Now let's talk Nouri al-Maliki and 30 days or '30' days. He was named prime minister-delegate Thursday and the 30 day countdown to form a cabinet of ministers or be replaced by another prime minister-delegate should have begun then. It now looks like the 'starting date' for the countdown will be around November 20th (November 20th was what the parties had agreed to with the US Ambassador last week -- before Thursday's events in the Parliament). It should start when he was named prime minister-delegate -- or as many bad news outlets, including NPR, 'reported' when 'he was named prime minister.' Article 76 of the Iraqi Constitution is not open to interpretation. It is very clear as to when the countdown starts and as to what happens if you're unable to form a cabinet in 30 days -- form and have it approved by Parliament.

If the thinking is that this will give Nouri more time (and that's really the only way to interpret this effort to hit the snooze button), it's ignoring the reality that when the next month starts, time moves even quicker. Especially if the promised Kirkuk census does not take place. And if that doesn't take place, the Kurdsih bloc may be the strongest bloc in opposing ministers nominated by Nouri.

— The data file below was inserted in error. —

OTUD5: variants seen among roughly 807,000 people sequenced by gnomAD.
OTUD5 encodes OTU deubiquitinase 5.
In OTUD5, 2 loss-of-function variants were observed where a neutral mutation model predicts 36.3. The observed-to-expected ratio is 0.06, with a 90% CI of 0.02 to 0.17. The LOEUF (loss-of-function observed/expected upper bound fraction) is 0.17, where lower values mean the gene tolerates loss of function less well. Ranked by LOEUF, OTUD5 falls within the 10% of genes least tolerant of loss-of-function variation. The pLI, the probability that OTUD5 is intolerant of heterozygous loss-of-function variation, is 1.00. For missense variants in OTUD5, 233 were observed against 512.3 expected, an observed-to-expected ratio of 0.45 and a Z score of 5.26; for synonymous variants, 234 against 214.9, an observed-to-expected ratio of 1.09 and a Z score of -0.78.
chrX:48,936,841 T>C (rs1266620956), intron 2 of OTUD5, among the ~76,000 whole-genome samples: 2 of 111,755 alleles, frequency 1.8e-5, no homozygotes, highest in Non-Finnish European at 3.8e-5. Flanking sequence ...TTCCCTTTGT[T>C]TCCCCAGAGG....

That's how you kill Nouri's chances at prime minister at this point. You prevent his ministers from being named. Each one has to pass a vote in Parliament -- as does his program itself -- and 163 is the minimum each minister will have to receive. That's also the magic number for creating a government. We saw it take eight months for something to work out on the previous magic numbers. Don't be surprised if reaching 163 over and over to approve his ministers throws a little snag in the proceedings. Equally true, you hardly look ready to lead to the world when violence continues to scar your nation and you're named prime minister-delegate but won't do any work on that for at least a week. In fact, it makes the White House look even more out of touch having hailed this standing still as a 'move forward.'